The editorial “ Sexual Assault and ‘Proof’” is an important message, and I applaud the BDN for running it.
It states, “It’s important for people to recognize this dynamic of sexual assault — that the lack of proof is another weapon to wield against survivors.” The former “Breaking the Silence” group in Blue Hill came to know this all too well.
On top of suffering physical and emotional consequences, victims are isolated by the distancing of people around them who require “proof.” It cannot be said enough how rare false reports are. While our judicial system is predicated on “innocent until proven guilty,” remember that those who say they have been sexually abused are also innocent until proven otherwise.
It is common practice for those who support pesticide use over organic practices to ignore medical research as Melinda Moyer of Slate magazine did in the BDN on Feb. 4.
In a clinical report from the American Academy of Pediatrics from Oct. 22, 2012, the doctors concluded, “In terms of health advantages, organic diets have been convincingly demonstrated to expose consumers to fewer pesticides associated with human disease.”
For children, reducing pesticides by providing organic food is like giving them health-producing medicine.
Debating whether health care is a right or a privilege is to miss a much more important issue: the common good. With few exceptions, we all agree that an educated population is in the best interest of us all, so we chip in by taxes to pay for our schools. For everyone. We also chip in for our roads, police, defense, etc., in support of the common good.
So why make an exception for health care? Isn’t a healthy population good for the nation as a whole and, therefore, good for all of us? Whether we pay for it by premiums, co-pays and deductibles, or whether we take the much more efficient route of a tax-supported system, as most other first-world countries do, supporting a healthy population is good for us all.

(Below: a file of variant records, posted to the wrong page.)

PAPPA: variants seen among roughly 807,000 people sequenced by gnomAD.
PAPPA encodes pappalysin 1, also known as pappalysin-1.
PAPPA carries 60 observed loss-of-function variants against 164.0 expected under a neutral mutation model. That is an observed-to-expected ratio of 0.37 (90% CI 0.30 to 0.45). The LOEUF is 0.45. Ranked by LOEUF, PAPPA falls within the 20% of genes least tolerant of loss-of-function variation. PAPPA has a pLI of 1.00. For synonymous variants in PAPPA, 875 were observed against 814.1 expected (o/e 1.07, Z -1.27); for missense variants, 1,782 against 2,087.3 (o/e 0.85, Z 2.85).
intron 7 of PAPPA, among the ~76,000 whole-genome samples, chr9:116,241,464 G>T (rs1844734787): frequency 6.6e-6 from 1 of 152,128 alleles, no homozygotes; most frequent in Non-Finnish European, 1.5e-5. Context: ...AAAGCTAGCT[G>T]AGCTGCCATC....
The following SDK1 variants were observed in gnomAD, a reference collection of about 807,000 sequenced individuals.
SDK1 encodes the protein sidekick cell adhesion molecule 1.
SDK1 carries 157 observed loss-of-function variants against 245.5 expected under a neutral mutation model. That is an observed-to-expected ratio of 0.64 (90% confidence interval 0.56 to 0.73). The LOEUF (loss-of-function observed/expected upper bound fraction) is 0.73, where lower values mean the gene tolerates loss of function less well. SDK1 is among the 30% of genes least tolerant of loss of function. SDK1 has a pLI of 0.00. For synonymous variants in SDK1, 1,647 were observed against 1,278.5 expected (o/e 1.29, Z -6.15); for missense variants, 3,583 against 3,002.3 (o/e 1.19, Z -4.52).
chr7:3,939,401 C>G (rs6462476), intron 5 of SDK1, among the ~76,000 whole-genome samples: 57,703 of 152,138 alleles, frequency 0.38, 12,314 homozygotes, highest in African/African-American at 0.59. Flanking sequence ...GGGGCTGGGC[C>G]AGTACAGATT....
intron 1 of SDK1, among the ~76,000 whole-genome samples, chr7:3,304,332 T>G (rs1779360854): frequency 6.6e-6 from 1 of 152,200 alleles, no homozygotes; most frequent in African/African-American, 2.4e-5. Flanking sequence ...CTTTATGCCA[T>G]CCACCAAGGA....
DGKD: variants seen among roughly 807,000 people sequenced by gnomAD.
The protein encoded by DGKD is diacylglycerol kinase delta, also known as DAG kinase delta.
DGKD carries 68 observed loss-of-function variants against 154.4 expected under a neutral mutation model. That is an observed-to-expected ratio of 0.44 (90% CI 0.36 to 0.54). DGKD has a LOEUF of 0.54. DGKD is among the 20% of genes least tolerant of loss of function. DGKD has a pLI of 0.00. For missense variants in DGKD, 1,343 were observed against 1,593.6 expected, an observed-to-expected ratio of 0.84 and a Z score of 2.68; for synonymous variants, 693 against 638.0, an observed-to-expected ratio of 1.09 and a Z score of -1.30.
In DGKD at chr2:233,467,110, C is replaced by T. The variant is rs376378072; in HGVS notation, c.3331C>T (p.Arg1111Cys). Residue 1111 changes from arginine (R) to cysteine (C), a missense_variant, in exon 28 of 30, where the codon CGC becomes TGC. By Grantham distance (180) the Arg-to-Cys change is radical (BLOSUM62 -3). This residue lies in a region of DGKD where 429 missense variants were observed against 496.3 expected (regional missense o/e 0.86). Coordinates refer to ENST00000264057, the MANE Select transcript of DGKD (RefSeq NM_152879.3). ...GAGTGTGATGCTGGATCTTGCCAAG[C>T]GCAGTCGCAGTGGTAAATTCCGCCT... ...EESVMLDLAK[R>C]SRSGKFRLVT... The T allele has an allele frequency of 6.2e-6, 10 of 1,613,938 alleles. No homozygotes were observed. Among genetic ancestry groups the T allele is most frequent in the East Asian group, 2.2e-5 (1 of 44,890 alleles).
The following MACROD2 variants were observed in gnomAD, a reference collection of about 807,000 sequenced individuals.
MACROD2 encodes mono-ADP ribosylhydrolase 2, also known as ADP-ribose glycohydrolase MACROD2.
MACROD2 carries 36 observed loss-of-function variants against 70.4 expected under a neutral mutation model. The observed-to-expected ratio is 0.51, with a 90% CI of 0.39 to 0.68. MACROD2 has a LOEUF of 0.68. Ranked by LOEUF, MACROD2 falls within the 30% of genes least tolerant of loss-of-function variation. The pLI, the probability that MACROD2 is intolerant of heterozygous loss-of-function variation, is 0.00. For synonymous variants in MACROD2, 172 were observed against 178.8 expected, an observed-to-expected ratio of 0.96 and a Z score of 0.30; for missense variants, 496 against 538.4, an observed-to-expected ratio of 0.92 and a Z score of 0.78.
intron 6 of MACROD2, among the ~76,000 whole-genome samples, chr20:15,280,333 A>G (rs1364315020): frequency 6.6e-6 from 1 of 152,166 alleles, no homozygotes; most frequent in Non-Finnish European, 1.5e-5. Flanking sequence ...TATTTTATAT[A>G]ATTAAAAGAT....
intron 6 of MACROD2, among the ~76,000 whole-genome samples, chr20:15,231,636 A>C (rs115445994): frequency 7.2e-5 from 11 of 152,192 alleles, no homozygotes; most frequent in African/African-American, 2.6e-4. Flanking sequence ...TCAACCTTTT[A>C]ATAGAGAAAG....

Expanding the number of Mainers cared for through MaineCare will be a good step in the right direction.
Four more years
Had enough of Gov. Paul LePage? Can’t stand the thought that this man might actually be re-elected? We know a solid majority of the population can’t stand the thought of this either, but if independent Eliot Cutler and Democrat Mike Michaud divide the vote against him, he’ll be back pontificating and bad-mouthing everyone in sight — for another four years. It’s time now that we start thinking about what we can do.
Here’s a simple, straightforward idea: Two weeks before the election, the Michaud and Cutler camps should take an honest look at the most recent poll, and if one or the other is at least 10 points behind, he should do us all a favor, drop out and throw his support to the leading candidate.
We can’t have another four years of LePage, running our beautiful state into the ground. Let’s urge Michaud and Cutler to take the pledge: “I will drop out if it looks like I can’t win, and I agree I will urge my supporters to back the leading candidate.”
Perhaps the most damaging legislation facing Maine right now is the threat of expanding medicaid. A recent WABI TV news interview shows how important it is to first take care of the many dependents like the elderly and those with disabilities who absolutely need additional care, before ever thinking of allowing able-bodied men and women to receive Medicaid benefits.
Maine has a relatively low unemployment rate. New jobs are available for people who are willing to work. Adding an unnecessary health benefit to those who are unwilling to contribute to society will be a devastating hit not only to the elderly and disabled folks who need care but to all taxpayers who will have to pay for it.
There is no room for politics in this issue. Let the Department of Health and Human Services first meet the needs of those already on wait lists before allowing legislators to pass such a horrendous bill. According to the Alexander Group, it is estimated that the pending proposal for Medicaid expansion will cost more than $800 million in state funds over 10 years. That projection is based on certain risk factors, like the growing poverty rate, the costs of care, the number of people who will drop private insurance and diminishing federal funding support.
We simply cannot afford it. Please, call or write your representatives and the media for the good of our state.